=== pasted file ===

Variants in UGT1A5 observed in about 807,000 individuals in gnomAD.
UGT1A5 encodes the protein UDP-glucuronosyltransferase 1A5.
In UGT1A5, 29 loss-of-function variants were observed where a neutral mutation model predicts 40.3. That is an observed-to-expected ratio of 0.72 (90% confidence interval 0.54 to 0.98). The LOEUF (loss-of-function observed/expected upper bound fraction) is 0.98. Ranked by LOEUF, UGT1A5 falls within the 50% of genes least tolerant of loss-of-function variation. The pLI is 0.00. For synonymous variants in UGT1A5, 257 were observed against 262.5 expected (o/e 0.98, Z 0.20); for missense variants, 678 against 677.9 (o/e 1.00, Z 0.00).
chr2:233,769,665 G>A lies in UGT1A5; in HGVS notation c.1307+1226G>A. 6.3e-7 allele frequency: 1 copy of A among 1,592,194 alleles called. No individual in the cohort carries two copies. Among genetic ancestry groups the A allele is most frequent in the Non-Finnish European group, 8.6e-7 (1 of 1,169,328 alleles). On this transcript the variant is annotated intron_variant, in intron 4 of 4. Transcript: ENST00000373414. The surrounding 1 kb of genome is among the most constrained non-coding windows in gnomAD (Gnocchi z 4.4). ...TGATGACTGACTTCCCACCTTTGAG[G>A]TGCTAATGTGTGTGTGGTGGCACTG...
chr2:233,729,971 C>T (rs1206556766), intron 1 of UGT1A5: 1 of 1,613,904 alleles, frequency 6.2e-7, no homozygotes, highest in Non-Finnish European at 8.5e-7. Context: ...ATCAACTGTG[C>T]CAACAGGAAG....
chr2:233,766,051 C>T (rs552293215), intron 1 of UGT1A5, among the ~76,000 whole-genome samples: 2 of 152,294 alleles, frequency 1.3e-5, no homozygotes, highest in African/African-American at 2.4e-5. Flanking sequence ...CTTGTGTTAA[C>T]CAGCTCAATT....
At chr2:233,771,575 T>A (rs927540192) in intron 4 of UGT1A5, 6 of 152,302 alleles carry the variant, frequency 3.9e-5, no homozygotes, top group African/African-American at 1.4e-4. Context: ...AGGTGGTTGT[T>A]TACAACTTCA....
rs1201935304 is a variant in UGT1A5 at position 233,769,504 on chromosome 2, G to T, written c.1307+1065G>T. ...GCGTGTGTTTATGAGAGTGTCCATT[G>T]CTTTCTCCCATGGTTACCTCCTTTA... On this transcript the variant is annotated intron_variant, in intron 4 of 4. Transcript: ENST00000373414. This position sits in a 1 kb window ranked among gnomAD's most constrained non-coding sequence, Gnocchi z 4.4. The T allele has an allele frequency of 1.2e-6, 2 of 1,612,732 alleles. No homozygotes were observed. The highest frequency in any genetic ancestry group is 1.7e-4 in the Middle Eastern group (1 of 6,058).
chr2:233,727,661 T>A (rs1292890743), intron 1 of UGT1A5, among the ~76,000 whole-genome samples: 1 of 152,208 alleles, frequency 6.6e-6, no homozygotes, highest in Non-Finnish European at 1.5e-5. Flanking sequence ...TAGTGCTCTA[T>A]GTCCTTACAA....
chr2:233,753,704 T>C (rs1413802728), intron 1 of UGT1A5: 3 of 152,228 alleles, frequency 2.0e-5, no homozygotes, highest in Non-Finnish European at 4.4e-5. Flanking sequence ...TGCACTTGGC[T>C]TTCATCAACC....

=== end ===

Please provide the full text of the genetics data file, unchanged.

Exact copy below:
Variants in UGT1A5 observed in about 807,000 individuals in gnomAD.
UGT1A5 encodes the protein UDP-glucuronosyltransferase 1A5.
In UGT1A5, 29 loss-of-function variants were observed where a neutral mutation model predicts 40.3. That is an observed-to-expected ratio of 0.72 (90% confidence interval 0.54 to 0.98). The LOEUF (loss-of-function observed/expected upper bound fraction) is 0.98. Ranked by LOEUF, UGT1A5 falls within the 50% of genes least tolerant of loss-of-function variation. The pLI is 0.00. For synonymous variants in UGT1A5, 257 were observed against 262.5 expected (o/e 0.98, Z 0.20); for missense variants, 678 against 677.9 (o/e 1.00, Z 0.00).
chr2:233,769,665 G>A lies in UGT1A5; in HGVS notation c.1307+1226G>A. 6.3e-7 allele frequency: 1 copy of A among 1,592,194 alleles called. No individual in the cohort carries two copies. Among genetic ancestry groups the A allele is most frequent in the Non-Finnish European group, 8.6e-7 (1 of 1,169,328 alleles). On this transcript the variant is annotated intron_variant, in intron 4 of 4. Transcript: ENST00000373414. The surrounding 1 kb of genome is among the most constrained non-coding windows in gnomAD (Gnocchi z 4.4). ...TGATGACTGACTTCCCACCTTTGAG[G>A]TGCTAATGTGTGTGTGGTGGCACTG...
chr2:233,729,971 C>T (rs1206556766), intron 1 of UGT1A5: 1 of 1,613,904 alleles, frequency 6.2e-7, no homozygotes, highest in Non-Finnish European at 8.5e-7. Context: ...ATCAACTGTG[C>T]CAACAGGAAG....
chr2:233,766,051 C>T (rs552293215), intron 1 of UGT1A5, among the ~76,000 whole-genome samples: 2 of 152,294 alleles, frequency 1.3e-5, no homozygotes, highest in African/African-American at 2.4e-5. Flanking sequence ...CTTGTGTTAA[C>T]CAGCTCAATT....
At chr2:233,771,575 T>A (rs927540192) in intron 4 of UGT1A5, 6 of 152,302 alleles carry the variant, frequency 3.9e-5, no homozygotes, top group African/African-American at 1.4e-4. Context: ...AGGTGGTTGT[T>A]TACAACTTCA....
rs1201935304 is a variant in UGT1A5 at position 233,769,504 on chromosome 2, G to T, written c.1307+1065G>T. ...GCGTGTGTTTATGAGAGTGTCCATT[G>T]CTTTCTCCCATGGTTACCTCCTTTA... On this transcript the variant is annotated intron_variant, in intron 4 of 4. Transcript: ENST00000373414. This position sits in a 1 kb window ranked among gnomAD's most constrained non-coding sequence, Gnocchi z 4.4. The T allele has an allele frequency of 1.2e-6, 2 of 1,612,732 alleles. No homozygotes were observed. The highest frequency in any genetic ancestry group is 1.7e-4 in the Middle Eastern group (1 of 6,058).
chr2:233,727,661 T>A (rs1292890743), intron 1 of UGT1A5, among the ~76,000 whole-genome samples: 1 of 152,208 alleles, frequency 6.6e-6, no homozygotes, highest in Non-Finnish European at 1.5e-5. Flanking sequence ...TAGTGCTCTA[T>A]GTCCTTACAA....
chr2:233,753,704 T>C (rs1413802728), intron 1 of UGT1A5: 3 of 152,228 alleles, frequency 2.0e-5, no homozygotes, highest in Non-Finnish European at 4.4e-5. Flanking sequence ...TGCACTTGGC[T>C]TTCATCAACC....